We used to be an industry that struggled to say ‘sorry’ for failing customers, now it’s a word that is used so often that at times it has become noise, writes Alex Warner




Sorry Seems to Be the Hardest Word by Blue featuring Elton John is my favourite song of all time – run a close second by Tiger Feet, the 1974 hit from Mud.

Blue’s hit was a classic of late 2002, around the time where I was a relatively senior manager on Britain’s railway and when it was less fashionable for the industry to say “sorry.” I was seen as some kind of customer champion just because I went out of my way to grovel to customers with regularity – frequently so because back then performance was at a particular low point and Railtrack was in meltdown, on the verge of going bust.

Posters, tannoy messages, letters to everyone, any opportunity to say “sorry” and I’d be looking for my moment in the sun. I recall galloping out of my first ever media relations training course when I was running the Stansted Express business to get down onto the platform below at Tottenham Hale station to apologise live on Sky News for our services not running on Bank Holiday Monday due to engineering works. The next day, whilst watching cricket at Grace Road, Leicester, I jostled my way into the commentary box during a County Championship game, pushing aside renowned pundits, to interrupt ball-by-ball coverage, grab the BBC 5 Live microphone and reiterate this apology. Those were the days.

Fast forward 13 years and last week’s fire at Vauxhall station reminded me just how much transport has changed in terms of saying “sorry”. I missed the chaos and only found out the next day on my commute to London on South West Trains. Sure as anything, though, South West Trains were doing everything to ensure that as soon as it had all cleared up, they couldn’t conveniently brush it under the carpet.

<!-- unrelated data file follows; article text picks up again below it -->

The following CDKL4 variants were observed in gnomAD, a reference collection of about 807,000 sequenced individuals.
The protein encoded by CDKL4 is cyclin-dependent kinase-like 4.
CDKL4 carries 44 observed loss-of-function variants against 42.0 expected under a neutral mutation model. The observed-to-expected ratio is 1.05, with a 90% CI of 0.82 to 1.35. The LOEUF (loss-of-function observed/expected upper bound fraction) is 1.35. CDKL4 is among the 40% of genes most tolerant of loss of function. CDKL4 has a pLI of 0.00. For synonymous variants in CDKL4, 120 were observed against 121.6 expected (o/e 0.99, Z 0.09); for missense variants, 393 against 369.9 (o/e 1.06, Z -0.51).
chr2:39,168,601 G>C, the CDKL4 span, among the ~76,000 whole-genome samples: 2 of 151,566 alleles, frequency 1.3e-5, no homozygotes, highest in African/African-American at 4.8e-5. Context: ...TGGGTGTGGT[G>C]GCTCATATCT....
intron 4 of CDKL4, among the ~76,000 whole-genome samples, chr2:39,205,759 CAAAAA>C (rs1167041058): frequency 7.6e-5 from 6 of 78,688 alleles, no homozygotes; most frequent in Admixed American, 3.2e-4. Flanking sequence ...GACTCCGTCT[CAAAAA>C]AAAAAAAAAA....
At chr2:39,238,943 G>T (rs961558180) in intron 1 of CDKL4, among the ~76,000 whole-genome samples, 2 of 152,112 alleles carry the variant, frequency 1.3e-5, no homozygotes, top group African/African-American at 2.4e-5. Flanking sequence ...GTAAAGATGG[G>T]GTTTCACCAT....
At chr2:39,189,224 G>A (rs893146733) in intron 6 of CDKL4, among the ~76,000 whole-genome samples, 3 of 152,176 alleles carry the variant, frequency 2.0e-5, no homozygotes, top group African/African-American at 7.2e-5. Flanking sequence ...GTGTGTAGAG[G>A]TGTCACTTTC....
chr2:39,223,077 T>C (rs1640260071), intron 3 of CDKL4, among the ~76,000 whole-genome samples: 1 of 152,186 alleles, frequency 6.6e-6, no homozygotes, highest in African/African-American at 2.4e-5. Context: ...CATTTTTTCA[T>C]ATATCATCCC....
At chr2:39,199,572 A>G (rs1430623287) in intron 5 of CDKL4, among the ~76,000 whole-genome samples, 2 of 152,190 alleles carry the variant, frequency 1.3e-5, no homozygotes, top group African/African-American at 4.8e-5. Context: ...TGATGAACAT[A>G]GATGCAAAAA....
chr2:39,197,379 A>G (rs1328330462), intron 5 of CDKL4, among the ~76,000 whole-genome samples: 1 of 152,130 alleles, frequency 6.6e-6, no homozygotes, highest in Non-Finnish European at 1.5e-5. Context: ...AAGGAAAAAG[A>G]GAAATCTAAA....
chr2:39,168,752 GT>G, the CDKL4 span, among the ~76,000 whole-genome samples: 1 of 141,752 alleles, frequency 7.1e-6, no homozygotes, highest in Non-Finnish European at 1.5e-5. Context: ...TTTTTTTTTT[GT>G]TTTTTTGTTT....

Arriving at Shepperton station to pick up my pre-booked ticket (the machine didn’t work AGAIN!), the first thing Mike behind the counter wanted to know was whether I’d travelled yesterday, because if I did, then he was offering me the equivalent of the return leg for free today, no questions asked. “Are you absolutely sure?”, the legend asked, when I said politely that I’d missed all the palaver the day before he then asked the same question of everyone in the queue and said “sorry” with some sincerity.

Before I’d even got on the train, the station announcement was chuntering on with an apology and then the guard added his condolences too, before we’d even got one stop up the line to Upper Halliford. Then, a look at South West Trains’ twitter account and the day of mourning was in full flow, and the corporate tweeters were unexhausted from saying “sorry”, with such relentless compassion and contriteness one day previously, were trying to surpass their achievements.

When we pulled into Waterloo, the guard begged our forgiveness once more and then there was an announcement doing likewise across the concourse, rabbiting about generous compensation, that Mike had mentioned, supported by a message on the visual indicator board.